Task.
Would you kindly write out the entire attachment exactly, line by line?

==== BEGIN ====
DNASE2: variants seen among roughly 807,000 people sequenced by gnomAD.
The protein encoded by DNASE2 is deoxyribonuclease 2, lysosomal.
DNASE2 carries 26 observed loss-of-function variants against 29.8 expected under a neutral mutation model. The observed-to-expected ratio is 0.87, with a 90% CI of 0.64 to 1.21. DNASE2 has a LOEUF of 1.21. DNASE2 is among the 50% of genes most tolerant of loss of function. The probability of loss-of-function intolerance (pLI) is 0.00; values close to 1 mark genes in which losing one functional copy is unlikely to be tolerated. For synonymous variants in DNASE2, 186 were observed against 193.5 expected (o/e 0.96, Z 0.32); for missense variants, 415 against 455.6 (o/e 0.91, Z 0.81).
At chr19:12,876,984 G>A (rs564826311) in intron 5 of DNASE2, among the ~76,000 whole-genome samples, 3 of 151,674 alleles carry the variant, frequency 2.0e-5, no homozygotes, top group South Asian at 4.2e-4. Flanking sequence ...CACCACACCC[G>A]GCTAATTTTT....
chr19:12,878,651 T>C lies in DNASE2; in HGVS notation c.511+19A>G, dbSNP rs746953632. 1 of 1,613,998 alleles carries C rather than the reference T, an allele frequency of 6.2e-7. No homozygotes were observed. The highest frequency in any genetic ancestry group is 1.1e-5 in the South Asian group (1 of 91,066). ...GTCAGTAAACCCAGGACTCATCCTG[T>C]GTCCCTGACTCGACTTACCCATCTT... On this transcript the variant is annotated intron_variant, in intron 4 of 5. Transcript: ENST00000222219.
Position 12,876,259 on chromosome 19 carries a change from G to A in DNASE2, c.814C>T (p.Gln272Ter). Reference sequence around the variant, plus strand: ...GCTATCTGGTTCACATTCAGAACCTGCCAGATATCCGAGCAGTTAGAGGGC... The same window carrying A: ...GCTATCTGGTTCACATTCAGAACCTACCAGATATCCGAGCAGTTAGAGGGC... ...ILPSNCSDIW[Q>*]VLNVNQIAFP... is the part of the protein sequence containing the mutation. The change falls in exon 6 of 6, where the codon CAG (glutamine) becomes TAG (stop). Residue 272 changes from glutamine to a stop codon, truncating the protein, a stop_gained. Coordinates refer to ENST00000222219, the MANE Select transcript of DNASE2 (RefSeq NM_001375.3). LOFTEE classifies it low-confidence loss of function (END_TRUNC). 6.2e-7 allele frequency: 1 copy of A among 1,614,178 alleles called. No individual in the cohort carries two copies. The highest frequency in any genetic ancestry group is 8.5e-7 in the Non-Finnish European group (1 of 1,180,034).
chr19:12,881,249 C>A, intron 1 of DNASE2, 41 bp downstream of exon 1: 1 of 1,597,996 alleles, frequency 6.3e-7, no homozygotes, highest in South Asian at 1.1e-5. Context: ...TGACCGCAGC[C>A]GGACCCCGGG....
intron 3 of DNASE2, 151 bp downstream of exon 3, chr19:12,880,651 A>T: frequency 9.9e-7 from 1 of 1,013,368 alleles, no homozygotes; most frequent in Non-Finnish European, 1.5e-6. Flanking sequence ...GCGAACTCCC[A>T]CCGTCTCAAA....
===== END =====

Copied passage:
DNASE2: variants seen among roughly 807,000 people sequenced by gnomAD.
The protein encoded by DNASE2 is deoxyribonuclease 2, lysosomal.
DNASE2 carries 26 observed loss-of-function variants against 29.8 expected under a neutral mutation model. The observed-to-expected ratio is 0.87, with a 90% CI of 0.64 to 1.21. DNASE2 has a LOEUF of 1.21. DNASE2 is among the 50% of genes most tolerant of loss of function. The probability of loss-of-function intolerance (pLI) is 0.00; values close to 1 mark genes in which losing one functional copy is unlikely to be tolerated. For synonymous variants in DNASE2, 186 were observed against 193.5 expected (o/e 0.96, Z 0.32); for missense variants, 415 against 455.6 (o/e 0.91, Z 0.81).
At chr19:12,876,984 G>A (rs564826311) in intron 5 of DNASE2, among the ~76,000 whole-genome samples, 3 of 151,674 alleles carry the variant, frequency 2.0e-5, no homozygotes, top group South Asian at 4.2e-4. Flanking sequence ...CACCACACCC[G>A]GCTAATTTTT....
chr19:12,878,651 T>C lies in DNASE2; in HGVS notation c.511+19A>G, dbSNP rs746953632. 1 of 1,613,998 alleles carries C rather than the reference T, an allele frequency of 6.2e-7. No homozygotes were observed. The highest frequency in any genetic ancestry group is 1.1e-5 in the South Asian group (1 of 91,066). ...GTCAGTAAACCCAGGACTCATCCTG[T>C]GTCCCTGACTCGACTTACCCATCTT... On this transcript the variant is annotated intron_variant, in intron 4 of 5. Transcript: ENST00000222219.
Position 12,876,259 on chromosome 19 carries a change from G to A in DNASE2, c.814C>T (p.Gln272Ter). Reference sequence around the variant, plus strand: ...GCTATCTGGTTCACATTCAGAACCTGCCAGATATCCGAGCAGTTAGAGGGC... The same window carrying A: ...GCTATCTGGTTCACATTCAGAACCTACCAGATATCCGAGCAGTTAGAGGGC... ...ILPSNCSDIW[Q>*]VLNVNQIAFP... is the part of the protein sequence containing the mutation. The change falls in exon 6 of 6, where the codon CAG (glutamine) becomes TAG (stop). Residue 272 changes from glutamine to a stop codon, truncating the protein, a stop_gained. Coordinates refer to ENST00000222219, the MANE Select transcript of DNASE2 (RefSeq NM_001375.3). LOFTEE classifies it low-confidence loss of function (END_TRUNC). 6.2e-7 allele frequency: 1 copy of A among 1,614,178 alleles called. No individual in the cohort carries two copies. The highest frequency in any genetic ancestry group is 8.5e-7 in the Non-Finnish European group (1 of 1,180,034).
chr19:12,881,249 C>A, intron 1 of DNASE2, 41 bp downstream of exon 1: 1 of 1,597,996 alleles, frequency 6.3e-7, no homozygotes, highest in South Asian at 1.1e-5. Context: ...TGACCGCAGC[C>A]GGACCCCGGG....
intron 3 of DNASE2, 151 bp downstream of exon 3, chr19:12,880,651 A>T: frequency 9.9e-7 from 1 of 1,013,368 alleles, no homozygotes; most frequent in Non-Finnish European, 1.5e-6. Flanking sequence ...GCGAACTCCC[A>T]CCGTCTCAAA....